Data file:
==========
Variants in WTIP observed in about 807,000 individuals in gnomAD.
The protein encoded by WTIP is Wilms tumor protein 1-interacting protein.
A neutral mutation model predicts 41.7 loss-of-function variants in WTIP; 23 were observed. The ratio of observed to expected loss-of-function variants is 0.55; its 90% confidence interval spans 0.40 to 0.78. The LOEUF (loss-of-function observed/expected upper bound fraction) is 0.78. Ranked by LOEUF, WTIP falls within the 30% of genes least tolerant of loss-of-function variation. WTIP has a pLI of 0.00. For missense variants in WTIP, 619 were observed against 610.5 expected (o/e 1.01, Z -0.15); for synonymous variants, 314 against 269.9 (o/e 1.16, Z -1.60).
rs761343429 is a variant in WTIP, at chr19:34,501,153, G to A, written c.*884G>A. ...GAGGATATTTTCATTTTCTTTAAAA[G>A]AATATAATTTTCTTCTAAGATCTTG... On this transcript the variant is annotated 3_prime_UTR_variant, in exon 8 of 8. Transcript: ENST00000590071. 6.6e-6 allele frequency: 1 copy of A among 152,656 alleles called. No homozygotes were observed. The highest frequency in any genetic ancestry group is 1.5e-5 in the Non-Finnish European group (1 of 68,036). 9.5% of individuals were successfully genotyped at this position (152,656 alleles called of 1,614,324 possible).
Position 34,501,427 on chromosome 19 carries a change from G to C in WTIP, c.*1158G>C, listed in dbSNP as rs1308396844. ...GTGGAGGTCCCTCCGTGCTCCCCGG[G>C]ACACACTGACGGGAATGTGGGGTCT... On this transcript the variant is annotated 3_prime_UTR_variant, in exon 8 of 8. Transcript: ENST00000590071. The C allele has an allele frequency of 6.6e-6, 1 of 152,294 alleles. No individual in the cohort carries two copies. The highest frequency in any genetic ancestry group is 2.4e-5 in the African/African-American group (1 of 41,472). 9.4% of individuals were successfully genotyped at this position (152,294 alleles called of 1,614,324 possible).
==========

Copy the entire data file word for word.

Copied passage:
Variants in WTIP observed in about 807,000 individuals in gnomAD.
The protein encoded by WTIP is Wilms tumor protein 1-interacting protein.
A neutral mutation model predicts 41.7 loss-of-function variants in WTIP; 23 were observed. The ratio of observed to expected loss-of-function variants is 0.55; its 90% confidence interval spans 0.40 to 0.78. The LOEUF (loss-of-function observed/expected upper bound fraction) is 0.78. Ranked by LOEUF, WTIP falls within the 30% of genes least tolerant of loss-of-function variation. WTIP has a pLI of 0.00. For missense variants in WTIP, 619 were observed against 610.5 expected (o/e 1.01, Z -0.15); for synonymous variants, 314 against 269.9 (o/e 1.16, Z -1.60).
rs761343429 is a variant in WTIP, at chr19:34,501,153, G to A, written c.*884G>A. ...GAGGATATTTTCATTTTCTTTAAAA[G>A]AATATAATTTTCTTCTAAGATCTTG... On this transcript the variant is annotated 3_prime_UTR_variant, in exon 8 of 8. Transcript: ENST00000590071. 6.6e-6 allele frequency: 1 copy of A among 152,656 alleles called. No homozygotes were observed. The highest frequency in any genetic ancestry group is 1.5e-5 in the Non-Finnish European group (1 of 68,036). 9.5% of individuals were successfully genotyped at this position (152,656 alleles called of 1,614,324 possible).
Position 34,501,427 on chromosome 19 carries a change from G to C in WTIP, c.*1158G>C, listed in dbSNP as rs1308396844. ...GTGGAGGTCCCTCCGTGCTCCCCGG[G>C]ACACACTGACGGGAATGTGGGGTCT... On this transcript the variant is annotated 3_prime_UTR_variant, in exon 8 of 8. Transcript: ENST00000590071. The C allele has an allele frequency of 6.6e-6, 1 of 152,294 alleles. No individual in the cohort carries two copies. The highest frequency in any genetic ancestry group is 2.4e-5 in the African/African-American group (1 of 41,472). 9.4% of individuals were successfully genotyped at this position (152,294 alleles called of 1,614,324 possible).